Maureen:

That's great. So now what does sensory overload mean?

Holly Peretz:

Yeah, so sensory overload basically means that the brain is receiving more sensory information than it can handle. I like to think of it in terms of like a cup. So we each have our own kind of sensory Cup, the amount that our body says this is the right amount of sensory information that I can function well underneath. And if the cup is empty, we're like looking for more information. And that might be when, for example, a toddler is looking for more, they are jumping off the couch, I have one like that as well. So I really understand this. And for when it is overflowing, that would be our sensory overload where our nervous system is saying this is too much for my body to handle. So I need to get rid of some of the sensation out of the body in order to keep myself safe, and calm and alert.

Maureen:

Yeah. What does it feel like when you like as a person are going through sensory overload? And what is happening in the body when we feel this way?

Holly Peretz:

So basically, your body is going into a state of stress when you're in overload. And I think we'll talk just now about like the difference between overload and just overstimulation because they are a bit different. But when you're in actual sensory overload, like, it probably won't be that you're thinking your first thought is like, Oh, this is because of sensory like, you can feel completely out of it. Like, whatever fight and flight feels like in your body. That's, that's what you would probably feel like when you're in sensory overload. So it could be like extreme irritability, feeling triggered having difficulty focusing to the point of even feeling like you're off balance. So I kind of came to this information, I've worked with children for years and years and years. Sensory Processing is an area that I'm super interested in, that I kind of came to sensory overload and sensory overload, specifically in motherhood, because I experienced it myself. And of course, like the the difference between overstimulation and overload is basically overstimulation is when you're feeling like slightly triggered, there's a bit too much but you're still managing to somehow handle is it's like that cap is kind of teetering at the edge of being full, but it's not overflowing. So sensory overstimulation, especially for parents, I think that we often just think of it like, I'm feeling overwhelmed, or we put like a very emotional word on it, or even a label for ourselves on on what we're experiencing without kind of really like peeling back the layers and saying like, well, this is information that is coming into my body, and my body can only take so much. So when I had my kind of lightbulb moments of this, I was kind of in a similar situation to what you are now I think my kids were maybe less than a year and about three or less than three. And we were outside. Of course, when you're parenting in public, it's always like just really different. It was hot, we were in like a room with lots of other toddlers, there was no air. And my one child was like just flying all over the room. And my other one was like wanting to nurse but not managing to nurse and my clawing at my chest. And when we were on our drive home, I was like, I feel like I just need to be in like a cold dark room with my hands over my years, gently rocking myself. But that's that's really what like sensory overload feels like. And often we think of like, we take in sensory information. And it's just like, at that time, it's like immediate, but actually sensory information stays in our body for a long period of time. I think it's like up to eight hours. So you could have like, your child's like, you know, those chaotic five o'clock moments where everybody's like crying and everything seems to be like, you know, coming and done. And I feel a bit stressed in that time. But still later in the evening, I still feel like my body isn't right. Like there's something really bothering me. And that that can also be related to that like just sensory overload or overstimulation during those chaotic times.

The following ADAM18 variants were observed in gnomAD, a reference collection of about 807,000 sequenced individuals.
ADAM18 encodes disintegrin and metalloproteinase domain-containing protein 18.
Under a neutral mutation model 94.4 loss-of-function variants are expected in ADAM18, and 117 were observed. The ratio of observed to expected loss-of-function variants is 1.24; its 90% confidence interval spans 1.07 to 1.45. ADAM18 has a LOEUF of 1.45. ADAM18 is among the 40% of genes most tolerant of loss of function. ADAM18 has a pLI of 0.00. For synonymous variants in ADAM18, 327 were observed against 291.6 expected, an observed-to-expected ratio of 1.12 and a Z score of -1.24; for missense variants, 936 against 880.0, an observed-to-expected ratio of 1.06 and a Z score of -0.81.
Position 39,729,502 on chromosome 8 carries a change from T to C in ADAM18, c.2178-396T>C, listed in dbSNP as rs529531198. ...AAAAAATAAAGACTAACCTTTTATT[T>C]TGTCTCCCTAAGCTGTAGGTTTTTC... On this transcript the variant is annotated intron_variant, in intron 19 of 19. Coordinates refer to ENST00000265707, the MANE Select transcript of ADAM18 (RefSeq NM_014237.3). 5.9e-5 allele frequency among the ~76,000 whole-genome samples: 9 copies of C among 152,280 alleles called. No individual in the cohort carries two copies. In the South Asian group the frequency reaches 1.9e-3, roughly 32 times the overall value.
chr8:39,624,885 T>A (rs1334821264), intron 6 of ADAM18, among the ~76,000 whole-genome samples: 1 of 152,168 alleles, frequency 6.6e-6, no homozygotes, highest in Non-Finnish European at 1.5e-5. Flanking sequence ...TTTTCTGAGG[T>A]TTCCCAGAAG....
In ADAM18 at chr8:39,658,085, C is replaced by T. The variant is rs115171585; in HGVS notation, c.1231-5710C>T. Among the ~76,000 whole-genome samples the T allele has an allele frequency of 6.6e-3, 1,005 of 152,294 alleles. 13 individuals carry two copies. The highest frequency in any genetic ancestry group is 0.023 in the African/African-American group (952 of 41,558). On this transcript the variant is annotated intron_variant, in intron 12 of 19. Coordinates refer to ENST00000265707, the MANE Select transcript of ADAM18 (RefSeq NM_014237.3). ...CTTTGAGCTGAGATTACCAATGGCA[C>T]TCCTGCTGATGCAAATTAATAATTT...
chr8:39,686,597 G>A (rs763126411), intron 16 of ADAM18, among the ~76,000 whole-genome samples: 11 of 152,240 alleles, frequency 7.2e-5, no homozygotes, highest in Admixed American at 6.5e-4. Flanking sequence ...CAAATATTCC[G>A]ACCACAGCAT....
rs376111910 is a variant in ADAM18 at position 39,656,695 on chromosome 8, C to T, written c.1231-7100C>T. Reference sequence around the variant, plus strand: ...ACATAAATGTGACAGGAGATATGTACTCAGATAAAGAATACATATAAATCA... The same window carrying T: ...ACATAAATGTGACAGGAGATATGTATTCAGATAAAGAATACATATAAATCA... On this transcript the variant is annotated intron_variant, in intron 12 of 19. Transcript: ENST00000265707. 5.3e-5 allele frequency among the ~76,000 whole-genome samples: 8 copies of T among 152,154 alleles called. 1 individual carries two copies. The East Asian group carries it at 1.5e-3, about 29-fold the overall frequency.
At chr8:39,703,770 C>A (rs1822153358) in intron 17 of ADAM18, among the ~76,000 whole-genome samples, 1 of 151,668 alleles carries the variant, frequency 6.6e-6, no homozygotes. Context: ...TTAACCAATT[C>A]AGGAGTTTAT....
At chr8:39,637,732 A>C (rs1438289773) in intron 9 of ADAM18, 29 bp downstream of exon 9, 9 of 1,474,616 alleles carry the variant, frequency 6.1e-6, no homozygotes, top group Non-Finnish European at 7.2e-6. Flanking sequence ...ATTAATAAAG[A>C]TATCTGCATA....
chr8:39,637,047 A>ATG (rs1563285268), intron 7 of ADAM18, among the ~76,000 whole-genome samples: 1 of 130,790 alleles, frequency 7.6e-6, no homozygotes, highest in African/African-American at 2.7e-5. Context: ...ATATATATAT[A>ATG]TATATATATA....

Maureen:

I'm so glad you said that. That is so interesting to me that it's it stays with you. It's not even like okay, if you had a calm moment, five minutes from them, then it would be over and you would be done with that. Like it definitely stays with you. And you know what, when we're dealing with this day in and day out, like it really does weigh on you last night. Just give a little I didn't want this like all day every day. I feel like especially with working from home now. I you know my kids are constantly there. And my my daughter who's one and a half now. She's in a very mama phase. It's like she says it about maybe 500 times a day. She runs she chases me down the hallway when I'm trying to get back to work. And last night I was sitting at the dinner table like my mother in law was over she had just brought my three and a half year old home and everyone was there was Mama Mama Mama by my three year old was like jumping off of a high chair and I was sitting there I was like I just need to run away and go somewhere quiet. And it's just like there was like, it weighs on you and it's so hard as a parent when like you're you're trying to just compartmentalize, be calm, be present and you can't handle the stimulation like I Personally, I can't do it, and it causes me to be, you know, have a short temper, and to want to run away and not be able to handle my kids emotions in the moment. And like, it's really hard as a parent to be able to do this. And I don't know, I don't know if my husband experiences it as much as I do. Do you hear it from from fathers to or any other caretakers? Or do you feel like it's mostly like a mom thing?